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Songs about Facebook abound in Cambodia

The role of social networking site Facebook in facilitating protest actions has been affirmed in the Tunisia and Egypt uprisings; governments in many countries, including China, are wary of the political activities of their citizens on Facebook. But in Cambodia, Facebook is not yet considered a threat by the government.

Politicians led by Prime Minister Hun Sen (who has been in power since 1985) have created their own Facebook pages where they interact with Cambodian citizens and netizens.

There is however, a newer and interesting Facebook trend in the country: Cambodians are creating songs about Facebook. For example, 'Facebook ends love‘, uploaded to YouTube by user lotusresortandspa on March 11, 2011.


The pop music industry has produced a number of songs related to Facebook. Cambodia Khmer Magazine, though claiming not to be a fan of the material, is impressed that many Cambodians are thoroughly enjoying these ‘Facebook songs.'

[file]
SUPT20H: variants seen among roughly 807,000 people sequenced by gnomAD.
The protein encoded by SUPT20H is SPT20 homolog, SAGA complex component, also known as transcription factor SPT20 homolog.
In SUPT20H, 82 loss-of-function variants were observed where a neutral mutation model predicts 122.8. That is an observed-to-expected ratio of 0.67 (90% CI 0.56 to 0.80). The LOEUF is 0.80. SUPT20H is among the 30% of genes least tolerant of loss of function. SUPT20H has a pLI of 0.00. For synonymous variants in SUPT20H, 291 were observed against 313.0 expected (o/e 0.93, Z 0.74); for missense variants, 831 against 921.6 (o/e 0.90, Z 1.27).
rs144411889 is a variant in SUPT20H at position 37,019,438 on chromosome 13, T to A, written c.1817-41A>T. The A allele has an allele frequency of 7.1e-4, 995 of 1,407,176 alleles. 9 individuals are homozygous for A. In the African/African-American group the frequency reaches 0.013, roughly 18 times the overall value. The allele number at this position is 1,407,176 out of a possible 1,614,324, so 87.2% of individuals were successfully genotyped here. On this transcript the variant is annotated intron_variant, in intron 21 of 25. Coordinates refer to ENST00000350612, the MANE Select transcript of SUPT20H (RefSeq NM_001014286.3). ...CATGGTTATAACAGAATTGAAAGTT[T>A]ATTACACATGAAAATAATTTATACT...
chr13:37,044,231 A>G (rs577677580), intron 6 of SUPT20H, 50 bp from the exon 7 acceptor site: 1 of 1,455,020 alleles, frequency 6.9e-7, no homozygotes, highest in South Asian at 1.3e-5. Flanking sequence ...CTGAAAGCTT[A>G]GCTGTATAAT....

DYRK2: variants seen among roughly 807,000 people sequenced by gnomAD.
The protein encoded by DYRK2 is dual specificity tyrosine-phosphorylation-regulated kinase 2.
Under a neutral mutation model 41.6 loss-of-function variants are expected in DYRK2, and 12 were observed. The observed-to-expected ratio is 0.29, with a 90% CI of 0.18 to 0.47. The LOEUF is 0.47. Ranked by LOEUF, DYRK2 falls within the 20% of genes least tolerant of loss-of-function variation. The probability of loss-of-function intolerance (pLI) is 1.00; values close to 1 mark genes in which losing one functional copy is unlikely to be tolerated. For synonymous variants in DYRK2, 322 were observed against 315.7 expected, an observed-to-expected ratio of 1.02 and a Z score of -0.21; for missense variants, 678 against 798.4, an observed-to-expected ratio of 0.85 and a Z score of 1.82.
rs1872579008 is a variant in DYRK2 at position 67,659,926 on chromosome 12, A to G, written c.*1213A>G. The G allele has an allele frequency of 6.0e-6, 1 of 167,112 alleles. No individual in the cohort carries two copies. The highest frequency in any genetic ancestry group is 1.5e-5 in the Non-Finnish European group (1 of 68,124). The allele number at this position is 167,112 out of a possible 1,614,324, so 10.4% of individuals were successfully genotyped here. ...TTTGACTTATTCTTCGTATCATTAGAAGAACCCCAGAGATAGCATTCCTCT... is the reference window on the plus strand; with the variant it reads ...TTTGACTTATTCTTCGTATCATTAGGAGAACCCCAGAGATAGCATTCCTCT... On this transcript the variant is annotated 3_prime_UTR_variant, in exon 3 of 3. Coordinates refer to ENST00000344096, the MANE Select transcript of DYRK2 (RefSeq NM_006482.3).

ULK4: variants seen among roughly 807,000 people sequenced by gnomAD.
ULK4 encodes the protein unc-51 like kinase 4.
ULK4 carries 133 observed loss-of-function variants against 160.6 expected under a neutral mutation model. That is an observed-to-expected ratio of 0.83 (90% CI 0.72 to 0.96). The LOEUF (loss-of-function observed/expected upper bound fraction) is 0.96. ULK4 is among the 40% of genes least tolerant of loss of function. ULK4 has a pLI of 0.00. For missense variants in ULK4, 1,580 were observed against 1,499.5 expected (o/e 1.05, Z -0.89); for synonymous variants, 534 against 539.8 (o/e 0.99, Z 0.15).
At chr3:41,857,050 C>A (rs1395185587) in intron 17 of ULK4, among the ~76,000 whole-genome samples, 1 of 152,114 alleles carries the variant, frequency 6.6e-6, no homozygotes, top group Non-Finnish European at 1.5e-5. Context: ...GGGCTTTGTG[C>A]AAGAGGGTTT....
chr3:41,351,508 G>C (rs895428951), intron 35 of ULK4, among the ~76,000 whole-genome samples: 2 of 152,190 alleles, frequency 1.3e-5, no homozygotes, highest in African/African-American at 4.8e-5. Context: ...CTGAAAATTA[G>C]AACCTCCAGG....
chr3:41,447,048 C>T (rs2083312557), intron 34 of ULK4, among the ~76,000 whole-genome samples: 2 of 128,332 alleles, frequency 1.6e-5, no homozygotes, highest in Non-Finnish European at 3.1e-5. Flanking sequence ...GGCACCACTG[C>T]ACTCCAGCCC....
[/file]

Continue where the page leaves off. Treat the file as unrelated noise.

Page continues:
Below are examples of the songs uploaded onto YouTube (all in Khmer):

Khmerbird is surprised about the emergence of these songs, but expressed his agreement with some of the songs that blamed Facebook for the breakdown of relationships. In his article, ‘The effect of Facebook has been written in Cambodian songs,‘ he writes:

It seems a bit surprise when I hear the song but it might be true somehow.

Khmerbird cites a song by Khemarak Sereymon, titled ‘Facebook disturbs my love' and explains its message:

He stated in the song that since there’s Facebook, his girlfriend seems not to take care of him like before. He felt like he is totally abandoned. His girlfriend spent her time to connect with different people via Facebook. This of course could cause a serious effect in the relationship.

In Cambodia, there are only about 250,000 Facebook users accounting for 1.73% penetration rate in the country, according to But with politicians endorsing Facebook and artists creating songs about the popular social networking site, Facebook will definitely attract more users in Cambodia.

Written by Sopheap Chak and originally posted to Global Voices.